I got help from someone for this malloc problem but its not compiling.

0 Paul Kim · February 7, 2016
Problem 2:

Write a program that allows users to input an integer for the size of an array. ( use malloc() ) 

Randomly generate an integer for each element of the array. Next, create function to rotate the 

array . Rotation of the array means that each element is shifted right or left by one index, and 

the last element of the array is also moved to the first place.

For example: 

Enter the number of slots needs in the array: 8 

This is element of your array: 91 57 18 96 16 49 31 83  

Which direction to shift R/L : R 

How many times: 2 

This is element of your array: 31 83 91 57 18 96 16 49

For example: 

Enter the number of slots needs in the array: 3 

This is element of your array: 31 83 91  

Which direction to shift R/L : L 

How many times: 2 

This is element of your array: 91  31 83


#include <stdio.h>
#include <time.h>
#include <stdlib.h>

void ArrayRotate(int arr[], int n,char dir, int times) // this function rotates the array arr in 'dir' direction by 'times' times
{
int i=0;
int *temp = malloc (sizeof (int) * n); // creates a temp array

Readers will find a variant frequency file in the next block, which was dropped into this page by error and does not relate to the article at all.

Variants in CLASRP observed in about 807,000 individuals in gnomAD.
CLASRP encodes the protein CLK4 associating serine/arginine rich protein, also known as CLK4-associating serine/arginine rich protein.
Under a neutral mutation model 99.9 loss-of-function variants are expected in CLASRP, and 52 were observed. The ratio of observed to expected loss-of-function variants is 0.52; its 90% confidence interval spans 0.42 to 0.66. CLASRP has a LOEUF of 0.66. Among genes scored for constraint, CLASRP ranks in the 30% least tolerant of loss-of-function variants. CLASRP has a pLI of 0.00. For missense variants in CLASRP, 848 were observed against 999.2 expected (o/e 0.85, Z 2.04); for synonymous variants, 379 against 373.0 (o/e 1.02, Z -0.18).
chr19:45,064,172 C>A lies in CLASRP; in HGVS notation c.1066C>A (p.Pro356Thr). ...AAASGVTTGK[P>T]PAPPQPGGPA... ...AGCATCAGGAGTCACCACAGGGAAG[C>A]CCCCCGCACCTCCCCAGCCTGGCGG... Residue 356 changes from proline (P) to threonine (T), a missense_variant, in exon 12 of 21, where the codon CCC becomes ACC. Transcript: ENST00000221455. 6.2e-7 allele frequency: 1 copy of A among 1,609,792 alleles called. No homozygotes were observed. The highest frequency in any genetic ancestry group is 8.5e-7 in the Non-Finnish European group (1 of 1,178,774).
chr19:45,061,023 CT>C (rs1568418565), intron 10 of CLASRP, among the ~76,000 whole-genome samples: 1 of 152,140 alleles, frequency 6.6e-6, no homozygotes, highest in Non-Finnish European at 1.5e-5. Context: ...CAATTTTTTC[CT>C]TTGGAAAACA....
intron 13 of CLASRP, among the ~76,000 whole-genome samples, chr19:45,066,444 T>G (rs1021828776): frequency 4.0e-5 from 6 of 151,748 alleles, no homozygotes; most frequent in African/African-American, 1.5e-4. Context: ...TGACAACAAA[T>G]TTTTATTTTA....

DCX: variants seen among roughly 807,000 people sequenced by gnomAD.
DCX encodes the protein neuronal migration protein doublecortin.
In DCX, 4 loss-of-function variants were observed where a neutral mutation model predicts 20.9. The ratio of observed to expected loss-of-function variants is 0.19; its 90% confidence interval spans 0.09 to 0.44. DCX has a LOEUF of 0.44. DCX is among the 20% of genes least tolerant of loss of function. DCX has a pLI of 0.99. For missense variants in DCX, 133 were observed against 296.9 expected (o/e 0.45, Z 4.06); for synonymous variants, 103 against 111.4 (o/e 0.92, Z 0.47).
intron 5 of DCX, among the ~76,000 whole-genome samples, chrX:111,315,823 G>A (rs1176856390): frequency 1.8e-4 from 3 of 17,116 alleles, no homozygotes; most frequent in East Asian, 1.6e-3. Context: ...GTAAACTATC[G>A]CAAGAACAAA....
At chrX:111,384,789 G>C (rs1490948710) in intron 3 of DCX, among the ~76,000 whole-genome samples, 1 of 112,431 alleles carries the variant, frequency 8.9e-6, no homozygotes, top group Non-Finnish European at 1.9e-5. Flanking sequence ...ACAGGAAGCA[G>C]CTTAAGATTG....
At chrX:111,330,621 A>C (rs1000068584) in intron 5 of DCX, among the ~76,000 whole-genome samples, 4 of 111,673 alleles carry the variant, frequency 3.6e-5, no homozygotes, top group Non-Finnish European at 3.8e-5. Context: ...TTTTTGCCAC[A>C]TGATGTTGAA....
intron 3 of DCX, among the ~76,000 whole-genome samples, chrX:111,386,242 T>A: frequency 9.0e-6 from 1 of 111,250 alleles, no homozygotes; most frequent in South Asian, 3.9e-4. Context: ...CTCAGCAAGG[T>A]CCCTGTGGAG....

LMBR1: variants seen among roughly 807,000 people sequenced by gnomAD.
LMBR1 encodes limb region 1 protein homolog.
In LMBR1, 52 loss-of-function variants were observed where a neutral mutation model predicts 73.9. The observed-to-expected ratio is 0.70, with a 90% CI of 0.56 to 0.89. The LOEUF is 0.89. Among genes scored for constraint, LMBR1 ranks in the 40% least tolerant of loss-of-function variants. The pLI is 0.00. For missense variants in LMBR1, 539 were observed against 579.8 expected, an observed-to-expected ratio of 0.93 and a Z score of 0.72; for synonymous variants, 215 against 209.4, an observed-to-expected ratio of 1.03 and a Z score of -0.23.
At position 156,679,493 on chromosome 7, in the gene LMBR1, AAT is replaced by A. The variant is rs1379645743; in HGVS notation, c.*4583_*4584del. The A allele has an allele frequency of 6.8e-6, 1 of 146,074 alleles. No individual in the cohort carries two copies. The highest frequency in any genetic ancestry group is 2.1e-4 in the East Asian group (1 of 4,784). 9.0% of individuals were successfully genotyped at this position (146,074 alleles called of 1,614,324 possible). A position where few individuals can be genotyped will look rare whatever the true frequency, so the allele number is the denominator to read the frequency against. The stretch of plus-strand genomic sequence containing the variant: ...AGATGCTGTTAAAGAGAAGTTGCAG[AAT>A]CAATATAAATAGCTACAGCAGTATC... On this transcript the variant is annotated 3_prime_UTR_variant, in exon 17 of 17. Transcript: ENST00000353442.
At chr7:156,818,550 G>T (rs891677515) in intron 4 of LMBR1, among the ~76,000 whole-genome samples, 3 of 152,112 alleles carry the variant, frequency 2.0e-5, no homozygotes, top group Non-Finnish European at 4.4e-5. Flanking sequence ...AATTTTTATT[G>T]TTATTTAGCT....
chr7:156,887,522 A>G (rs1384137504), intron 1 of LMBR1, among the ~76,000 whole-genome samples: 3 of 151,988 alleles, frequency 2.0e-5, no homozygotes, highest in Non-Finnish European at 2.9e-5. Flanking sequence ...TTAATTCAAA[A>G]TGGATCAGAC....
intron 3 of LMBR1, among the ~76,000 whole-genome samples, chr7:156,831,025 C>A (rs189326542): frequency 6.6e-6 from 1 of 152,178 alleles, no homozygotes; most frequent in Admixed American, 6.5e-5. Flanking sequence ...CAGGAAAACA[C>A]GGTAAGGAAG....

if(dir=='R') // if the direction is R
{
for(i=0;i<n;i++)
{
temp[(i+times)%n]=arr;
}
}
else
{
for(i=0;i<n;i++)
{
int newIndex=i-times;
if(i-times<0)
newIndex=newIndex+n;
temp[(newIndex)%n]=arr;
}
}

for (i=0; i<n; i++) // loop to copy back the elements of 'temp' array to 'arr' array
{
arr=temp;

}
}

int main(void) {

int n;
printf("Enter the number of slots needs in the array:");
scanf("%d",&n); // n saves the number of elements in the array
int *arr = malloc (sizeof (int) * n); /* n is the length of the array */
srand(time(NULL));
;
int i;

for (i=0; i<n; i++)
{
arr =rand()%100; // intializing the elements of arr with the help of rand function which generates a random integer

}

printf("This is element of your array: ");
for (i=0; i<n; i++) // prints the initial elements of the 'arr' array
{
printf("%d ",arr);

}

char dir; int times;